The design of the Tuscan V8 was based on the TVR Vixen.

During the period January 1967 and early 1971, the Tuscan was presented in three different variants:

  • The short wheelbase version, which was identical to the Griffith 400
  • The long wheelbase version used the Vixen body style, and was powered by the Ford 289 V8 engine
  • The wide body version

In 1967, the wheelbase of the Tuscan V8 was increased to 90 inches, and the floorpan was lengthened to increase internal space, as in the Vixen Series 2.

Fitted with different rear lights, as used in the Ford Cortina Mark 2 saloon, plus an updated hood, this new long wheelbase variant made its appearance.

Unfortunately, it was not well received and, by 1968, only 24 units had been built, of which around half were exported to the US.

Following modifications to the chassis, the Grantura body then underwent extensive restyling, which included a longer and wider body, more graceful lines, and new bumpers fitted at both front and back.

This wide body variant was designated the Tuscan V8 SE, and was launched at the 1968 New York Motor Show.

Between April 1968 and August 1970, only 21 units of this variant were built, of which two of them were fitted with right hand drive.

For Martin Lilley, such poor demand marked the end of the Tuscan V8.

Unlike many of its rivals, the majority of TVR sales were to the UK market.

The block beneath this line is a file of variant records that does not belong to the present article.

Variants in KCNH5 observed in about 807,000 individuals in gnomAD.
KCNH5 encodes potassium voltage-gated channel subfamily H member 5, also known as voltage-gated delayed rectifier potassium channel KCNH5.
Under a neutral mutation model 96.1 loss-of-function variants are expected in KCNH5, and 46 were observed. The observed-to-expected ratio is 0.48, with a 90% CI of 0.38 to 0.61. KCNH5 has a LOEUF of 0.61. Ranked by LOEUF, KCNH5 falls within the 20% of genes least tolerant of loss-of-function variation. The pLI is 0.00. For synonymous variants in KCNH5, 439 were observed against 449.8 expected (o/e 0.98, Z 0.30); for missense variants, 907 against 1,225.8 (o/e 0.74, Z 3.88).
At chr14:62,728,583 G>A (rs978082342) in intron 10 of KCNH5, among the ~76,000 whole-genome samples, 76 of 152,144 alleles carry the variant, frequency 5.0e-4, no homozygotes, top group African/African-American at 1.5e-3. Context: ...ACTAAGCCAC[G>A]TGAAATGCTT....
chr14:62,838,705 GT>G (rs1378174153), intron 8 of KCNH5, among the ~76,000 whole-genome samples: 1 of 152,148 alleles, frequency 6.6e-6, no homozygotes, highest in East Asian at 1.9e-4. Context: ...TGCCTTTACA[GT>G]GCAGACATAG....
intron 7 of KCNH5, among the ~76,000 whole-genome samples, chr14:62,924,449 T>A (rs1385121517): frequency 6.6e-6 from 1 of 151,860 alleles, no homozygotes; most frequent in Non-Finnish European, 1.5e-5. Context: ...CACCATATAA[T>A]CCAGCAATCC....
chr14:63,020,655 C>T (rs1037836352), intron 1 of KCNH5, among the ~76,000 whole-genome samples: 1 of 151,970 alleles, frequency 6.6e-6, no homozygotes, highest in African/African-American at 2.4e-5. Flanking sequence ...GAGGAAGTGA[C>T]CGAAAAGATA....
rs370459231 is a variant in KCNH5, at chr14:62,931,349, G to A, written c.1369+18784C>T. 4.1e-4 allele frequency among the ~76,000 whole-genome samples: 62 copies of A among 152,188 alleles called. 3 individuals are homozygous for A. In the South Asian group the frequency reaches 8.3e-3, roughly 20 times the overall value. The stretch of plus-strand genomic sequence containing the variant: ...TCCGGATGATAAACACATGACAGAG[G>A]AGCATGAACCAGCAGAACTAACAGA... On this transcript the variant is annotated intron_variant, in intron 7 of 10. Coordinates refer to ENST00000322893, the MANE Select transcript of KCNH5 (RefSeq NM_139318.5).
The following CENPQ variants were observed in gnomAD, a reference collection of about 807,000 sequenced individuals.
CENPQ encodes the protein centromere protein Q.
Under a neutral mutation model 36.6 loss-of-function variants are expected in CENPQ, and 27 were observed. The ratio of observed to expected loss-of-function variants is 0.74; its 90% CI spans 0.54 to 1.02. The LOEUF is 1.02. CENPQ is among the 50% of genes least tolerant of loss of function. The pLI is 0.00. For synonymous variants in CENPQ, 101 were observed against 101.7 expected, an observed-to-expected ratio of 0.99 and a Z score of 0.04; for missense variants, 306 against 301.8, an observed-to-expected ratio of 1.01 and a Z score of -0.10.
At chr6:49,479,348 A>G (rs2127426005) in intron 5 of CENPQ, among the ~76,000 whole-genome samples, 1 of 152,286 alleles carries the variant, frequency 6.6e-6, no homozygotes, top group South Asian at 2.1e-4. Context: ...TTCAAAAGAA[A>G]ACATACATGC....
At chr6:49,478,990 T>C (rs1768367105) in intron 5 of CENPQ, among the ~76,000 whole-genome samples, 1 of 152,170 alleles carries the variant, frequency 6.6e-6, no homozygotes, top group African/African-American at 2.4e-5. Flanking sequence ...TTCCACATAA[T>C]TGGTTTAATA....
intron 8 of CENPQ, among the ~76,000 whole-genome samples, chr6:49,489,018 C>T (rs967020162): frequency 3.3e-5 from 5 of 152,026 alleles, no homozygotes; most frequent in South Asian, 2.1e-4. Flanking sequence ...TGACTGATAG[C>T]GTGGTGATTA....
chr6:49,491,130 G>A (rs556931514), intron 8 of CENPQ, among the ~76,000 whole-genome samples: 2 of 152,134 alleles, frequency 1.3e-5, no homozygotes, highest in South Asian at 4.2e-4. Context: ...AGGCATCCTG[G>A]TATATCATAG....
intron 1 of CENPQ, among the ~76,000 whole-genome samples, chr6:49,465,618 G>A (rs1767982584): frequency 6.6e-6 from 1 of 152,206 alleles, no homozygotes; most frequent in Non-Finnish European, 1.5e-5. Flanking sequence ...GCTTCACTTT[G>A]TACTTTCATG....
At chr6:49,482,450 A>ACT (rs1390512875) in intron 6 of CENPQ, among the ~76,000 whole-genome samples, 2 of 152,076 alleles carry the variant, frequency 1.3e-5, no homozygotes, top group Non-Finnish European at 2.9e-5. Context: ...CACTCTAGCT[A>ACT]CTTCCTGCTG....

In this respect, the large V8 engine used in the Tuscan V8 may have been regarded as overkill in this market, which is one reason why the smaller, more economical V6 variant, was introduced.

The V8 variants continued in production until early 1971, with declining demand being partly attributed to the fact that the engine was regarded as too “thirsty”.

It has been estimated that a total of only 73 units of the three different variants of the Tuscan V8 were built.

This marked the end of the TVR Tuscan V8

Perhaps this stroll down memory lane might have answered, or at least shed light on, apossible question:

WhichTVR Sports Car isYourFavourite?

However, should this question still remain unanswered, I will be reviewing, in some detail, in future articles within this website, the entire range of TVR sports cars which were featured in the memorable era spanning 1946 to 1967.

I hope you join me in my nostalgic travels “down sports car memory lane”.

If you would care to view my Original article, containing Photographs, Videos, Technical Data, and Charts not shown in this Article, then please click the following link: